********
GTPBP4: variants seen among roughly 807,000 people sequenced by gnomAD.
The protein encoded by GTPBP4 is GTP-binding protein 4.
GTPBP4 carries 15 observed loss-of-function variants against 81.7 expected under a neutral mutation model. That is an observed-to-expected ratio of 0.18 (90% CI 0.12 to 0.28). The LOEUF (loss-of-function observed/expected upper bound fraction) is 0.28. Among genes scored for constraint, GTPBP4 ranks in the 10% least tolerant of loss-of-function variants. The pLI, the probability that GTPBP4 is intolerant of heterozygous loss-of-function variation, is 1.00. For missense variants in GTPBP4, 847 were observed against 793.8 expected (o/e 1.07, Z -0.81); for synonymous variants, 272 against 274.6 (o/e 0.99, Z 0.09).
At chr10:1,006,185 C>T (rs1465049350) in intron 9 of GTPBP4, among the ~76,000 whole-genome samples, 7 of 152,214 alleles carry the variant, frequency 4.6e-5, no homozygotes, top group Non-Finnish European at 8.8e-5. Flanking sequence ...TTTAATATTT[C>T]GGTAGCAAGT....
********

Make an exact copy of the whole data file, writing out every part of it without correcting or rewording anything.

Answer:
GTPBP4: variants seen among roughly 807,000 people sequenced by gnomAD.
The protein encoded by GTPBP4 is GTP-binding protein 4.
GTPBP4 carries 15 observed loss-of-function variants against 81.7 expected under a neutral mutation model. That is an observed-to-expected ratio of 0.18 (90% CI 0.12 to 0.28). The LOEUF (loss-of-function observed/expected upper bound fraction) is 0.28. Among genes scored for constraint, GTPBP4 ranks in the 10% least tolerant of loss-of-function variants. The pLI, the probability that GTPBP4 is intolerant of heterozygous loss-of-function variation, is 1.00. For missense variants in GTPBP4, 847 were observed against 793.8 expected (o/e 1.07, Z -0.81); for synonymous variants, 272 against 274.6 (o/e 0.99, Z 0.09).
At chr10:1,006,185 C>T (rs1465049350) in intron 9 of GTPBP4, among the ~76,000 whole-genome samples, 7 of 152,214 alleles carry the variant, frequency 4.6e-5, no homozygotes, top group Non-Finnish European at 8.8e-5. Flanking sequence ...TTTAATATTT[C>T]GGTAGCAAGT....